Course Title: Object Oriented Software Design

Part A: Course Overview

Course Title: Object Oriented Software Design

Credit Points: 12.00

Terms

Course Code

Campus

Career

School

Learning Mode

Teaching Period(s)

ISYS1083

City Campus

Postgraduate

140H Computer Science & Information Technology

Face-to-Face

Sem 1 2006,
Sem 1 2007,
Sem 1 2008,
Sem 1 2009,
Sem 1 2010,
Sem 1 2011,
Sem 1 2012,
Sem 1 2013,
Sem 1 2014,
Sem 1 2015,
Sem 1 2016

ISYS1083

City Campus

Postgraduate

171H School of Science

Face-to-Face

Sem 1 2017,
Sem 1 2018,
Sem 1 2019,
Sem 1 2020

ISYS1084

City Campus

Undergraduate

140H Computer Science & Information Technology

Face-to-Face

Sem 1 2006,
Sem 1 2007,
Sem 1 2008,
Sem 1 2009,
Sem 1 2010,
Sem 1 2011,
Sem 1 2012,
Sem 1 2013,
Sem 1 2014,
Sem 1 2015,
Sem 1 2016

ISYS1084

City Campus

Undergraduate

171H School of Science

Face-to-Face

Sem 1 2017,
Sem 1 2018,
Sem 1 2019,
Sem 1 2020

Course Coordinator: Dr Caspar Ryan

Course Coordinator Phone: +61 3 9925 9775

Course Coordinator Email: caspar.ryan@rmit.edu.au

Course Coordinator Location: 14.11.32


Pre-requisite Courses and Assumed Knowledge and Capabilities

You may not enrol in this course unless it is explicitly listed in your enrolment program summary.

Enforced Pre-Requisite:  ISYS1117/1118 Software Engineering Fundamentals:

Required Prior Knowledge: COSC2391 Further Programming or COSC1295 Advanced Programming


Course Description

In this course you will apply the Object-Oriented Software Design Paradigm to the development of a complete software system. The primary focus of this course is the coverage of specific Object-Oriented Design Patterns from established pattern catalogues and a comparison of common Software Architectures. Additionally, Object-Oriented Software Engineering principles such as Refactoring and Design by Contract will be applied to form a continuous software quality process.


Objectives/Learning Outcomes/Capability Development

Enabling Knowledge: Knowledge and experience of Object-Oriented Software Design and how this is supported by modelling tools and integrated development environments; Knowledge and experience of Software Quality, and how Design Patterns, Refactoring and Design by Contract can be applied to a continuous software quality process.

Problem Solving: Ability to apply Design Patterns and Software Architectures to a variety of applications, taking into account domain specific requirements and constraints. Ability to perform iterative development and refactoring from the design stage through to implementation and testing using commonly available platforms and tools.


Course Learning Outcomes

Upon successful completion of this course you should be able to:

  • CLO1: Explain the differences between Structured Design and Object-Oriented design.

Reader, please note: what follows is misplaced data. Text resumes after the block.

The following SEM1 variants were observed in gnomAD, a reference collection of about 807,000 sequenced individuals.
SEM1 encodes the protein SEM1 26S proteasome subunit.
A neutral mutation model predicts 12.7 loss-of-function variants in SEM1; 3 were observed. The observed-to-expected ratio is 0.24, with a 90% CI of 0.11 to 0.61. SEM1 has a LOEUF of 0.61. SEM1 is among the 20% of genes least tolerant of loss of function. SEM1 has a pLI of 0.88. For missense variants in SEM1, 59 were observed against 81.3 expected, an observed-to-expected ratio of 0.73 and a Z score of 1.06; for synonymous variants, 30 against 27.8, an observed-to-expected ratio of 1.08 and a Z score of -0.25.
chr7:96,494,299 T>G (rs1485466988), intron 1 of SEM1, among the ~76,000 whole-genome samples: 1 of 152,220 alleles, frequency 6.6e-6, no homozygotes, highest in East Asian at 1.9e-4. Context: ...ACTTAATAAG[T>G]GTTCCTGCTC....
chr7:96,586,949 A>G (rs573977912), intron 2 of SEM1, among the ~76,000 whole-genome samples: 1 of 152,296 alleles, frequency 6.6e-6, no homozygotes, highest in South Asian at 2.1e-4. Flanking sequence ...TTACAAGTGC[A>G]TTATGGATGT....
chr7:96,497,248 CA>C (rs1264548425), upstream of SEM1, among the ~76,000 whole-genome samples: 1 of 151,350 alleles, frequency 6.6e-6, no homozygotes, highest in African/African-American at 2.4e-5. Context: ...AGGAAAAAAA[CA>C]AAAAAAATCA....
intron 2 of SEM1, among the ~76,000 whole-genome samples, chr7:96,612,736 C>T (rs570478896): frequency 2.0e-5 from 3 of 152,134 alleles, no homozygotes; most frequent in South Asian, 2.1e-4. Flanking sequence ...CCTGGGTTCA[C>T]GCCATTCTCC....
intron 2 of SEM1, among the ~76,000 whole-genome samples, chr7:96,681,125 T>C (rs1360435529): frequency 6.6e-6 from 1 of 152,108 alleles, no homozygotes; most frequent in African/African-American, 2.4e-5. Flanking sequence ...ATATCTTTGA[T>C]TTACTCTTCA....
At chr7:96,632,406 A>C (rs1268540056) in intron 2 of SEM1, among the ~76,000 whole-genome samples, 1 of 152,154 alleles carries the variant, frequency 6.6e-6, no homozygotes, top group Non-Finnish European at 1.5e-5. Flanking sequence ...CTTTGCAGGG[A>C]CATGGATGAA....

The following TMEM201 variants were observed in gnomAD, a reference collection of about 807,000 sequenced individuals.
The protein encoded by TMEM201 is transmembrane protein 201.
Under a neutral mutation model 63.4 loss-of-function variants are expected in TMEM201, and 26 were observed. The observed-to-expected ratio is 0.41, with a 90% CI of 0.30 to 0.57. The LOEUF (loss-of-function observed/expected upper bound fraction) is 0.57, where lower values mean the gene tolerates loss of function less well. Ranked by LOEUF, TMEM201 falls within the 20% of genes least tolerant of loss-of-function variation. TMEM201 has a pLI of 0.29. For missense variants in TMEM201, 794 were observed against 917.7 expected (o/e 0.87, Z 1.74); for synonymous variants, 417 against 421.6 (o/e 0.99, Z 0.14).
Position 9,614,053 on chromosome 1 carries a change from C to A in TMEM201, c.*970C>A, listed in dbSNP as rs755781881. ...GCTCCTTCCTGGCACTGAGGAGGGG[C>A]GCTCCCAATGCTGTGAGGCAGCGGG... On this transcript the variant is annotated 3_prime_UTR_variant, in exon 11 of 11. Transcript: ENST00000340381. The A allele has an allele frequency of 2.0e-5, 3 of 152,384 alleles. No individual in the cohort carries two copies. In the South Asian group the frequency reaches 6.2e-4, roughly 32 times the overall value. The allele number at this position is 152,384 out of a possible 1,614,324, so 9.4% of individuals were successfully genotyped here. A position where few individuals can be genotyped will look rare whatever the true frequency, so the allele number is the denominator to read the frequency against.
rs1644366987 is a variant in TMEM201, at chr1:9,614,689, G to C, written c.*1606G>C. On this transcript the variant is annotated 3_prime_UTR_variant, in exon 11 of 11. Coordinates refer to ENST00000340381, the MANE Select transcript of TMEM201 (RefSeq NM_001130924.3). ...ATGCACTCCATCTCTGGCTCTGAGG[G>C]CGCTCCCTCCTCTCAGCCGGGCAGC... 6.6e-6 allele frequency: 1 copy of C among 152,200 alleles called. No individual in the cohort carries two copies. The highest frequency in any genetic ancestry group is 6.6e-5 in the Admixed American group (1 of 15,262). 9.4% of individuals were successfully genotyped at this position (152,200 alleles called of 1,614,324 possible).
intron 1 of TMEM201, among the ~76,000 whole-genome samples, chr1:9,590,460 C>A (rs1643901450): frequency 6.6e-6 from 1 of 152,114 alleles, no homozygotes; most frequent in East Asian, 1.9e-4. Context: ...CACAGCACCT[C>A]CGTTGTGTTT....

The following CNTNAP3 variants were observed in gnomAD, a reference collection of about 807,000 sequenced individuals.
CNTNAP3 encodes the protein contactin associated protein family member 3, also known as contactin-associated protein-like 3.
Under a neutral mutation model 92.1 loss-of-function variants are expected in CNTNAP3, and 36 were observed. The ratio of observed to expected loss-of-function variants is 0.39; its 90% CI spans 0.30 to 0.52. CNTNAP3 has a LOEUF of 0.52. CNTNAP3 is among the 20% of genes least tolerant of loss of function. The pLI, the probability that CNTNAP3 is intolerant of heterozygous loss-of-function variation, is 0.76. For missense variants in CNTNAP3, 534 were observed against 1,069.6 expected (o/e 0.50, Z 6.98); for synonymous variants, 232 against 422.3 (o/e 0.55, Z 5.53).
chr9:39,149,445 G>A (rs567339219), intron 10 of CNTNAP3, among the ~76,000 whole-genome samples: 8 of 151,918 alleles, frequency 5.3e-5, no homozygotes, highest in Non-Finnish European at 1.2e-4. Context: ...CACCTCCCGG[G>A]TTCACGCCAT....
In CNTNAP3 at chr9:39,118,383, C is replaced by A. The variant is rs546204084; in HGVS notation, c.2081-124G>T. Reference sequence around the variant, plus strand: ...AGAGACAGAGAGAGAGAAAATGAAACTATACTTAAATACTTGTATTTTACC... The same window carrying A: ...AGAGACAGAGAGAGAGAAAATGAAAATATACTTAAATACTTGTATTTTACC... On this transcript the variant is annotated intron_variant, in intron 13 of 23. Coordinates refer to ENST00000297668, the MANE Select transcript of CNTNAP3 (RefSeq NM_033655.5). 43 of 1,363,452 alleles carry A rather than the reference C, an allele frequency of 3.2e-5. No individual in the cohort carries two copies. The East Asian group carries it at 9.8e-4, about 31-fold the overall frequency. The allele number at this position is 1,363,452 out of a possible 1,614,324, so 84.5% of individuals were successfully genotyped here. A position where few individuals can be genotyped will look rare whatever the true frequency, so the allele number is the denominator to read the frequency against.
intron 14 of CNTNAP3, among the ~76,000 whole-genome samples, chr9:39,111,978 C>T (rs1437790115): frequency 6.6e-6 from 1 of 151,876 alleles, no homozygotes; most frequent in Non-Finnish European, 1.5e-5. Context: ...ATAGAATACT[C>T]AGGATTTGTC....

• CLO2: Identify and mitigate the risks associated with the development of large-scale software projects.
  • CLO3: Apply the UML design notation as part of the OO development process.
  • CLO4: Explain and document diagrammatically specific Design Patterns from established pattern catalogues and apply them to novel design problems.
  • CLO5: Apply the process of Refactoring to continuously improve a software product.
  • CLO6: Apply Design by Contract to produce robust self-verifying software modules.


Overview of Learning Activities

Teaching staff inputs: Syllabus material will be presented, explained and illustrated with demonstrations, examples and problems in lectures, laboratories or online. Problem solving exercises, assignments and discussions are designed to develop your analytical skills, drawing on knowledge and frameworks covered in lectures.

Your inputs as learners: Your active and constructive participation in lectures, and discussions is expected in addition to weekly private study, completion of laboratory exercises and careful planning and completion of assessment tasks.

The emphasis of this course is on understanding the underlying concepts and not the ability to rote learn material. This is reflected in the presentation of lectures and in the assessment tasks.

Attendance:
While a minimum attendance standard is not compulsory, non-attendance may seriously jeopardise the chances of success in this course. Clearly, non-attendance at an assessment will result in failure of that assessment. Where visa conditions apply, attendance is compulsory.


Overview of Learning Resources

You will make extensive use of computer laboratories and relevant software provided by the School. You will be able to access course information and learning materials through the myRMIT and may be provided with copies of additional materials in class or via email. Lists of relevant reference texts, resources in the library and freely accessible Internet sites will be provided.

Use the RMIT Bookshop’s textbook list search page to find any recommended textbook(s).  


Overview of Assessment

Assessment Tasks

This course has no hurdle requirements.

Overview

Laboratory Progress/Participation (total: 10%), consisting of: 
5 x 2% = 10%
This assessment task supports CLOs: 3, 5 & 6

Practical component (total: 40% consisting of: 
Assignment (Part 1) = 15% 
This assessment task supports CLOs: 2, 3, 4, 5 & 6

Assignment (Part 2) = 25% 
This assessment task supports CLOs: 2, 3, 4, 5 & 6

Examination component (total: 50%), consisting of: 
End of Semester Exam = 50%
This assessment task supports CLOs: 1, 3, 4, 5 & 6